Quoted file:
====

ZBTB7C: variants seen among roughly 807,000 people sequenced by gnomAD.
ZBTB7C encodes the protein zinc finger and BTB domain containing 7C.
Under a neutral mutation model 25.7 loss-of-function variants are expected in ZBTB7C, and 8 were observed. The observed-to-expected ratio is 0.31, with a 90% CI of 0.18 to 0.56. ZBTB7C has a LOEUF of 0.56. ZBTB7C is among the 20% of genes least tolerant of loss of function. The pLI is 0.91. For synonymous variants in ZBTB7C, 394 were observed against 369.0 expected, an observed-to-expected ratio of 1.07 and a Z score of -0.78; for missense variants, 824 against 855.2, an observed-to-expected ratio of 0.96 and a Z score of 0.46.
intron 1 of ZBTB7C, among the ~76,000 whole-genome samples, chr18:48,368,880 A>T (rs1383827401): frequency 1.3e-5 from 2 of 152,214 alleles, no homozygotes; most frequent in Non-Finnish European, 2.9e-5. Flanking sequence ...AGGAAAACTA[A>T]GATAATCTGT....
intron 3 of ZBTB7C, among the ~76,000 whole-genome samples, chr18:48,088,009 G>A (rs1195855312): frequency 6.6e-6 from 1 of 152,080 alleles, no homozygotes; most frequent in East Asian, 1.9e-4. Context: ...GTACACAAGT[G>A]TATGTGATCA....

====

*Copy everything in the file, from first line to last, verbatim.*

ZBTB7C: variants seen among roughly 807,000 people sequenced by gnomAD.
ZBTB7C encodes the protein zinc finger and BTB domain containing 7C.
Under a neutral mutation model 25.7 loss-of-function variants are expected in ZBTB7C, and 8 were observed. The observed-to-expected ratio is 0.31, with a 90% CI of 0.18 to 0.56. ZBTB7C has a LOEUF of 0.56. ZBTB7C is among the 20% of genes least tolerant of loss of function. The pLI is 0.91. For synonymous variants in ZBTB7C, 394 were observed against 369.0 expected, an observed-to-expected ratio of 1.07 and a Z score of -0.78; for missense variants, 824 against 855.2, an observed-to-expected ratio of 0.96 and a Z score of 0.46.
intron 1 of ZBTB7C, among the ~76,000 whole-genome samples, chr18:48,368,880 A>T (rs1383827401): frequency 1.3e-5 from 2 of 152,214 alleles, no homozygotes; most frequent in Non-Finnish European, 2.9e-5. Flanking sequence ...AGGAAAACTA[A>T]GATAATCTGT....
intron 3 of ZBTB7C, among the ~76,000 whole-genome samples, chr18:48,088,009 G>A (rs1195855312): frequency 6.6e-6 from 1 of 152,080 alleles, no homozygotes; most frequent in East Asian, 1.9e-4. Context: ...GTACACAAGT[G>A]TATGTGATCA....